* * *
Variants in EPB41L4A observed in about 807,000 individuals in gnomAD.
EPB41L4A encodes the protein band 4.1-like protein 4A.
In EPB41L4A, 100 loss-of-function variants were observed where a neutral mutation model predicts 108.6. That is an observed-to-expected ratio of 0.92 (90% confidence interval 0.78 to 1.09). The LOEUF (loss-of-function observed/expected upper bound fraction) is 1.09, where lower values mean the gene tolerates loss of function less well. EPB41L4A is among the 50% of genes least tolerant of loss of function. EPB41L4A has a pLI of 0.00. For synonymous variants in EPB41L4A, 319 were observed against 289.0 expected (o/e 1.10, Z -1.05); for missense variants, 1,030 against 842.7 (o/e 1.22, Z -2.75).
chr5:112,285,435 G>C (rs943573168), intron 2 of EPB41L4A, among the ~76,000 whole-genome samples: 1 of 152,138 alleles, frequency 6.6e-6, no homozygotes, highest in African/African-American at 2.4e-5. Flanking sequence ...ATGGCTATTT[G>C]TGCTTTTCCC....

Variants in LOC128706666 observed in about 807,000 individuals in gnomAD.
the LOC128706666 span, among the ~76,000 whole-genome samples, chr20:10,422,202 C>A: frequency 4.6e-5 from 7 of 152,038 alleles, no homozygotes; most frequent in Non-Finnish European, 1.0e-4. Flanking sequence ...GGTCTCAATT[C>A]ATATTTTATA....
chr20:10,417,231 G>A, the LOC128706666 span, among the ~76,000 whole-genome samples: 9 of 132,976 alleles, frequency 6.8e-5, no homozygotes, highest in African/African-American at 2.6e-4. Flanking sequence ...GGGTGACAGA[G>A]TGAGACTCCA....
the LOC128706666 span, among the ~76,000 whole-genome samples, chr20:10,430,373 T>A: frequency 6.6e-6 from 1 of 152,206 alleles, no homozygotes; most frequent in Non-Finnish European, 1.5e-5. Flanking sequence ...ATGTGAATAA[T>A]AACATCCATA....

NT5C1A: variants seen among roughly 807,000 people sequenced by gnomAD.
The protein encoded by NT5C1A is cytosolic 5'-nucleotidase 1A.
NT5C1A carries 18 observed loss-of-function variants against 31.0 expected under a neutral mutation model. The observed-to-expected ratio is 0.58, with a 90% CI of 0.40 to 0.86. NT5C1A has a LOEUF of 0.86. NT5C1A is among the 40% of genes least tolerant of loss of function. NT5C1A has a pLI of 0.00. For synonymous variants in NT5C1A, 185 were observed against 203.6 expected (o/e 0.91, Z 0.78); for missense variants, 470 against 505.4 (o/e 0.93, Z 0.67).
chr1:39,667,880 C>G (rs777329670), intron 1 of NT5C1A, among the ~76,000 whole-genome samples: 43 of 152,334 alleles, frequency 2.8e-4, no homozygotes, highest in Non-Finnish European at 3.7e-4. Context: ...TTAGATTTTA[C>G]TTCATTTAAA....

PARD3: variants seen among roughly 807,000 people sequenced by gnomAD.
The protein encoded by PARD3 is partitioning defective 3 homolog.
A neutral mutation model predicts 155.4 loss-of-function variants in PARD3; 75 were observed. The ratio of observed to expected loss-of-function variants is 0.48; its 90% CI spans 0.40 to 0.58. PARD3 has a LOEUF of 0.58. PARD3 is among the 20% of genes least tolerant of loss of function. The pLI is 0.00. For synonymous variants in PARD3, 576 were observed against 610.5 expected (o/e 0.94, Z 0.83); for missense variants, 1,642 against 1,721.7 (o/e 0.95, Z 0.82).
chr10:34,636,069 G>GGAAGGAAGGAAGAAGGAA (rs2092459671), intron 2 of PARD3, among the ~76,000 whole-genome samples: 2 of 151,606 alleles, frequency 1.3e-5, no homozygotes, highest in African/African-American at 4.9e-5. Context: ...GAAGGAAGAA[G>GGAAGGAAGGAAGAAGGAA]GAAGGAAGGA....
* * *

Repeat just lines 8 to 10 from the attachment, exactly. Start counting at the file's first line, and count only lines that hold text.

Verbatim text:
the LOC128706666 span, among the ~76,000 whole-genome samples, chr20:10,430,373 T>A: frequency 6.6e-6 from 1 of 152,206 alleles, no homozygotes; most frequent in Non-Finnish European, 1.5e-5. Flanking sequence ...ATGTGAATAA[T>A]AACATCCATA....

NT5C1A: variants seen among roughly 807,000 people sequenced by gnomAD.
The protein encoded by NT5C1A is cytosolic 5'-nucleotidase 1A.